Breastfeeding_paolopatruno9Photo by Paolo Patruno.

Things change. Now breastfeeding is what affluent White mothers do, and harder for working, unemployed, or impoverished Black mothers. And bearing in mind that not every mother can breastfeed, and not every  mother wants to breastfeed, there’s no doubt that parents and babies are well served by having breastfeeding as an option.

According to the United States Breastfeeding Committee, one of the leading experts
on the current state of breastfeeding in the U.S., breastfeeding is the “most effective
global public health intervention for child survival.” Breast milk provides critical
nutrients to babies when they need them the most, supporting a variety of early
developments in the body, including brain development. It also transfers necessary
antibodies from mother to child that protect against disease, and wards off other early
childhood dangers such as SIDS and asthma.
The Center for Social Inclusion has released a long, detailed report in .pdf form, detailing the issues that contribute to making breastfeeding challenging. Two things make this report especially important: first, the focus on structural racism:
Often, when we think about racism, we focus on individual attitudes or behaviors,
which is important. Sometimes, we look at how particular institutions treat people of
different races differently, which is also important. But to truly understand the root
causes of racial inequity and thereby produce solutions that work for everyone, we
need to take a structural race approach. That means looking at the First Food system
through the lens of policies, institutions, and people—together.
and second, the storytelling style, focusing on three fictional mothers:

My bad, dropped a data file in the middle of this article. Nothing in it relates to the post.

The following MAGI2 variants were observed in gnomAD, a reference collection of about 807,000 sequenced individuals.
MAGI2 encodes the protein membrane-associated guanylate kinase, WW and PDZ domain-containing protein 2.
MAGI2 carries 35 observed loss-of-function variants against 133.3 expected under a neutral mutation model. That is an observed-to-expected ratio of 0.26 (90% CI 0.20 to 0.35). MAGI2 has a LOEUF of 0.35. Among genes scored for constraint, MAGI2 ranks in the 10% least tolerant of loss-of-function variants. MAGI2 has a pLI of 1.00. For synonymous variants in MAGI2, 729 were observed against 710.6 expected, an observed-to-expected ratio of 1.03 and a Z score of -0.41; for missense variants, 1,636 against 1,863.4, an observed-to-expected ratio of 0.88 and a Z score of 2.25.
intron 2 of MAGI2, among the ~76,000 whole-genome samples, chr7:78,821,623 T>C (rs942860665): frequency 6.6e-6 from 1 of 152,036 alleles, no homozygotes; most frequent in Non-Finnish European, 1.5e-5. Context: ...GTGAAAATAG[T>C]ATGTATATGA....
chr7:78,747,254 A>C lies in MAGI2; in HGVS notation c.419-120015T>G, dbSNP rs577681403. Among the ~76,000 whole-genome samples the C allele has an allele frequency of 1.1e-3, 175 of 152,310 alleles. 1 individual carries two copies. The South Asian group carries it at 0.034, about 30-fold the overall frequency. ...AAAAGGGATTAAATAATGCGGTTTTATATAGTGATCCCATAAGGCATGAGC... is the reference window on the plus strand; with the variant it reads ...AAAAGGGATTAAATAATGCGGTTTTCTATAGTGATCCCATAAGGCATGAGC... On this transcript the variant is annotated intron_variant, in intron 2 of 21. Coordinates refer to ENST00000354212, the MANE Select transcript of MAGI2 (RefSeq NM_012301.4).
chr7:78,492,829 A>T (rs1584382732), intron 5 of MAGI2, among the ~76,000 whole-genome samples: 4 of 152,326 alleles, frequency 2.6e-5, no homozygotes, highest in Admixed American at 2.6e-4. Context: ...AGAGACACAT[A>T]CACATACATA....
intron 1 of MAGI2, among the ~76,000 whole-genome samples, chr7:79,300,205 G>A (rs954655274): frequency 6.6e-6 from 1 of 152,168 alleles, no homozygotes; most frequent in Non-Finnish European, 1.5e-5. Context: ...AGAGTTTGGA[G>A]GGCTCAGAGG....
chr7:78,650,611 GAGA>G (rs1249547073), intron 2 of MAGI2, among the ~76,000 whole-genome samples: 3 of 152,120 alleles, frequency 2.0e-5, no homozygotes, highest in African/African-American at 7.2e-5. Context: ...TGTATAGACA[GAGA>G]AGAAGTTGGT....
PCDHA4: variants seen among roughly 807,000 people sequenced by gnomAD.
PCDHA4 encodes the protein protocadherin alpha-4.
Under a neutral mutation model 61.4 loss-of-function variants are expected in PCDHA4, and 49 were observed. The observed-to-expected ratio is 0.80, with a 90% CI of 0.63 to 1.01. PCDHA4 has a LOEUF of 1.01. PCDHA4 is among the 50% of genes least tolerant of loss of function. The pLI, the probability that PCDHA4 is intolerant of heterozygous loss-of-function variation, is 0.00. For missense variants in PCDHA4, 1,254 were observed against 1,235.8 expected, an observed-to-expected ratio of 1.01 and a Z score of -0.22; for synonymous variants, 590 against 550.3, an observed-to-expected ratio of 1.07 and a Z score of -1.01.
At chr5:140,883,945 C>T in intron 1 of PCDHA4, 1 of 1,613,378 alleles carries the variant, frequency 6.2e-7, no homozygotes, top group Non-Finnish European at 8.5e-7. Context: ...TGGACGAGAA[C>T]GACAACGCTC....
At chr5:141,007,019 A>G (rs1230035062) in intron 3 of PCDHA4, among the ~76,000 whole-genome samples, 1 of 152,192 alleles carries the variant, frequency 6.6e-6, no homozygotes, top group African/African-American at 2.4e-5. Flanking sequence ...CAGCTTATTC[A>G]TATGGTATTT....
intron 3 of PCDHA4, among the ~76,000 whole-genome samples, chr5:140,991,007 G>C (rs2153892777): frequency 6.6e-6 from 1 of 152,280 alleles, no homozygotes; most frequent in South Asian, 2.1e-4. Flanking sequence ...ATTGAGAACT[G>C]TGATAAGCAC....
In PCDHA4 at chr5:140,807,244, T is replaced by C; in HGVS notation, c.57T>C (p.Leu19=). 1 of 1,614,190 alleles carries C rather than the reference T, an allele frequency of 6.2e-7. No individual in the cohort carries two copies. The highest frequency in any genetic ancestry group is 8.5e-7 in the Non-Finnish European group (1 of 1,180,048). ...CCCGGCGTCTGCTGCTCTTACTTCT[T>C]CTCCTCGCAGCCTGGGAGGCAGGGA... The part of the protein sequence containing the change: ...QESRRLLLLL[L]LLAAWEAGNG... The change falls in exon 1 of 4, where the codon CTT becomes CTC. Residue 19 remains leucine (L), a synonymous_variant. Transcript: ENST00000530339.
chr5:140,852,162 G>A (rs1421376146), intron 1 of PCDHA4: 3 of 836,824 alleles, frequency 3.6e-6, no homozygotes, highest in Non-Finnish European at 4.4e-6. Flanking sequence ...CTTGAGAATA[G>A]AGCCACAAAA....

Sarah is White and lives in a suburb of Detroit. Her husband is a doctor at the nearby
hospital, and she volunteers full-time for a local nonprofit. Nicole is Black and lives in a
small town in Alabama. She is a teacher at the middle school and her husband is earning
his MSW through online classes at the University of Alabama. Lara is Latina and lives in
Los Angeles with her husband and mother. She and her husband both work for (and met
through) the city’s transit agency; her mother runs the home and receives Social Security.
The report follows all three women through their breastfeeding journey, interlacing their stories with statistics and information about breastfeeding in their various communities. The information is detailed, clear, and excellent, and the conclusions are convincing.
At each stage, smart policy interventions with robust implementation can make it easier
for all women to choose to breastfeed if they want to.
We seek policy interventions that truly address the root causes that are linked to
breastfeeding outcomes, especially lower rates for women of color. We know that
no single policy alone can dismantle structural inequity. This takes reform, including
diversification of the medical sector and those providing services, as well as changes to
and better implementation and promotion of existing policies like the ACA breastfeeding
provisions. But it also takes transformation, including directing funding streams to
challenge all barriers at the neighborhood level. We therefore need a variety of policy
and practice interventions that support women and communities of color to truly achieve
higher breastfeeding rates for all mothers.
The report goes on to detail these interventions; read the whole thing.
Why is breastfeeding a body image issue? For me, it’s because breasts have been fetishized, banned, turned into objects of the male gaze, commodified, judged, and generally objectified, often at the expense of remembering their biological function. So it’s important to me to remember what breasts do and more important that anyone who wants to be able to provide food for their babies from their breasts should be supported in doing so.